The Wall Street Journal journalist Evan Gershkovich is shown in this undated photo. AP
Ambassador Lynne Tracy said that she visited Evan Gershkovich in Moscow's Lefortovo Prison, notorious for harsh conditions, and “he is in good health and remains strong."
It was “the first time we’ve been permitted access to him since his wrongful detention more than two weeks ago,” she said on Twitter. “We reiterate our call for his immediate release.”
Gershkovich, 31, his employer and the U.S. government all deny he was involved in spying.
Deputy Foreign Minister Sergei Ryabkov said last week that a possible prisoner exchange for Gershkovich could take place, but only after his trial is completed. No date has been set for that.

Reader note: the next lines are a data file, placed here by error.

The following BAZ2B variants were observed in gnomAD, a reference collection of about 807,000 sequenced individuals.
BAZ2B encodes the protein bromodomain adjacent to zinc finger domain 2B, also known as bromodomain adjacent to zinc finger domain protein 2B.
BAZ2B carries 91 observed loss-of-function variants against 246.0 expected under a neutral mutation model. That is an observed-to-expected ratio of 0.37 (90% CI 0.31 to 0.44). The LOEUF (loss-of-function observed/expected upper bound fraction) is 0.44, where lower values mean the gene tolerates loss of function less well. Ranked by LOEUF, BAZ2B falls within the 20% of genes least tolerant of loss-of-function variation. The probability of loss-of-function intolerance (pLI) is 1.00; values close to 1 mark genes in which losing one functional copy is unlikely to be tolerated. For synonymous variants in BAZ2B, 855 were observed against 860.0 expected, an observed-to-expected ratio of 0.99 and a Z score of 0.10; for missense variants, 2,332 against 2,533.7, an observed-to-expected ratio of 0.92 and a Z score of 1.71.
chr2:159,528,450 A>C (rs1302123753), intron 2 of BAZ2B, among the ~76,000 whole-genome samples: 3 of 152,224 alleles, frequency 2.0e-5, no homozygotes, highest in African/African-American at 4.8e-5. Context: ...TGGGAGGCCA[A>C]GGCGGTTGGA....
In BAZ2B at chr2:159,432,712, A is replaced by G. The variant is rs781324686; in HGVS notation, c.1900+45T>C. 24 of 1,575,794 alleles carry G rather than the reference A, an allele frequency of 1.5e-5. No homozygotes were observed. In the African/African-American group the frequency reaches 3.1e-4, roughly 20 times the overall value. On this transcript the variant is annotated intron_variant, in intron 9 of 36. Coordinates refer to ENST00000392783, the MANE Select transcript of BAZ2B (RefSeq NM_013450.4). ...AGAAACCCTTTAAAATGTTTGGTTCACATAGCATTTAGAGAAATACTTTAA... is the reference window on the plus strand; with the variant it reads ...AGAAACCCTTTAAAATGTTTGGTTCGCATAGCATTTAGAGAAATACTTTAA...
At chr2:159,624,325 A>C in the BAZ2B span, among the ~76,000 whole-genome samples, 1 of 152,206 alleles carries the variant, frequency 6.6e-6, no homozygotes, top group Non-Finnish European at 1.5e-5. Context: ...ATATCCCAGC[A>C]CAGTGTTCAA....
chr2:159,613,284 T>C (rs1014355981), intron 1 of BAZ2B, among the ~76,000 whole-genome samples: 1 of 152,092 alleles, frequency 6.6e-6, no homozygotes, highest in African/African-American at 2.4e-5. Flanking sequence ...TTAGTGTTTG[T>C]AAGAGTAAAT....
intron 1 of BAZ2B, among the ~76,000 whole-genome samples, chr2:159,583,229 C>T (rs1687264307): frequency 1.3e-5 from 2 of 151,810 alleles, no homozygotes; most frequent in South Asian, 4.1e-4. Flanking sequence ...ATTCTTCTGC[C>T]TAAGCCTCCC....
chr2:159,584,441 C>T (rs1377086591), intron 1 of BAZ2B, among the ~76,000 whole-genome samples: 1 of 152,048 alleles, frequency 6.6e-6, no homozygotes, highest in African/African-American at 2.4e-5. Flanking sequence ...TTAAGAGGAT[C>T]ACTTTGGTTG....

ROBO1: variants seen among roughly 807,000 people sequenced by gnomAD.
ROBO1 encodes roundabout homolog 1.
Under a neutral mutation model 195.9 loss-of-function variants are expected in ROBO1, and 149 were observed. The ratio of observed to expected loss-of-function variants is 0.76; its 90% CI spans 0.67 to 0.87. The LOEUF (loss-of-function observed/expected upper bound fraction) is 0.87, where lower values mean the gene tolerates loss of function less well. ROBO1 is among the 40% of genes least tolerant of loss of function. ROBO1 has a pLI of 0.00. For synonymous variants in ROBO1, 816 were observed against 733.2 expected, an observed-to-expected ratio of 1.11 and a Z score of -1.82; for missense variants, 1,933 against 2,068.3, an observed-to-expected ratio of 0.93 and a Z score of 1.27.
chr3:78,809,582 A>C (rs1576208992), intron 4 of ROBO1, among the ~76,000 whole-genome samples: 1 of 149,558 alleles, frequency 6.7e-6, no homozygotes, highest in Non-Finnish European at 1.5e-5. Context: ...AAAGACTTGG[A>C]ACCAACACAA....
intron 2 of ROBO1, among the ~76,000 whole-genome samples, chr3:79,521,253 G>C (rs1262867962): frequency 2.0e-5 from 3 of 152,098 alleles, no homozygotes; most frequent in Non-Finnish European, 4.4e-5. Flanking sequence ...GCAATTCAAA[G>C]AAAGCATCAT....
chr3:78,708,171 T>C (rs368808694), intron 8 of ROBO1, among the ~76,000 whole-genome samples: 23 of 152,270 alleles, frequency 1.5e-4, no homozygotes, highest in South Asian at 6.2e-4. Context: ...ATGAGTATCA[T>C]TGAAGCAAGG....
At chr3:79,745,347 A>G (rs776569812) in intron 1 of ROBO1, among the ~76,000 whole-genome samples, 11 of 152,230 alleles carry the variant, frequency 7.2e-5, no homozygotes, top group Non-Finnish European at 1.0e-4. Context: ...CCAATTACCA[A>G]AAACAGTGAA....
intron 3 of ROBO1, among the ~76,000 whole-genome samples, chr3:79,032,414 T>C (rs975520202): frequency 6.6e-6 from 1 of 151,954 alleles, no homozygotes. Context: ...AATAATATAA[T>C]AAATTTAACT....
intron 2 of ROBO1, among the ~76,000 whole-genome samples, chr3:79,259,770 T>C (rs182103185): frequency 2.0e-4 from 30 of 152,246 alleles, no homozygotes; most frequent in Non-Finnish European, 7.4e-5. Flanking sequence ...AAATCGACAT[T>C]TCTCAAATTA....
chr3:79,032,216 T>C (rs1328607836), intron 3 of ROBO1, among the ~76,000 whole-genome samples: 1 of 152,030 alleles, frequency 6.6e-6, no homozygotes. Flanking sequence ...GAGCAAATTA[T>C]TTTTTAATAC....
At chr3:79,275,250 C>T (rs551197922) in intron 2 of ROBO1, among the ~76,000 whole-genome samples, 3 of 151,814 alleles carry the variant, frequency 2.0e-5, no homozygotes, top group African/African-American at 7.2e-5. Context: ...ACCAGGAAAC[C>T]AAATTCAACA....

It’s not clear how long the investigation could last, but other espionage cases have lasted for a year or more.
In December, American basketball star Brittney Griner was exchanged for Russian arms dealer Viktor Bout following her trial and conviction on drug possession charges. She had been sentenced to nine years in prison and ended up spending 10 months behind bars.
Another American, Michigan corporate security executive Paul Whelan, has been imprisoned in Russia since December 2018 on espionage charges that his family and the U.S. government have called baseless.
Gershkovich could face up to 20 years in prison if convicted.
Russia’s Federal Security Service arrested Gershkovich in Yekaterinburg, Russia’s fourth-largest city, on March 29. He is the first U.S. correspondent since the Cold War to be detained in Russia for alleged spying.
The service accuses Gershkovich of trying to obtain classified information about a Russian arms factory.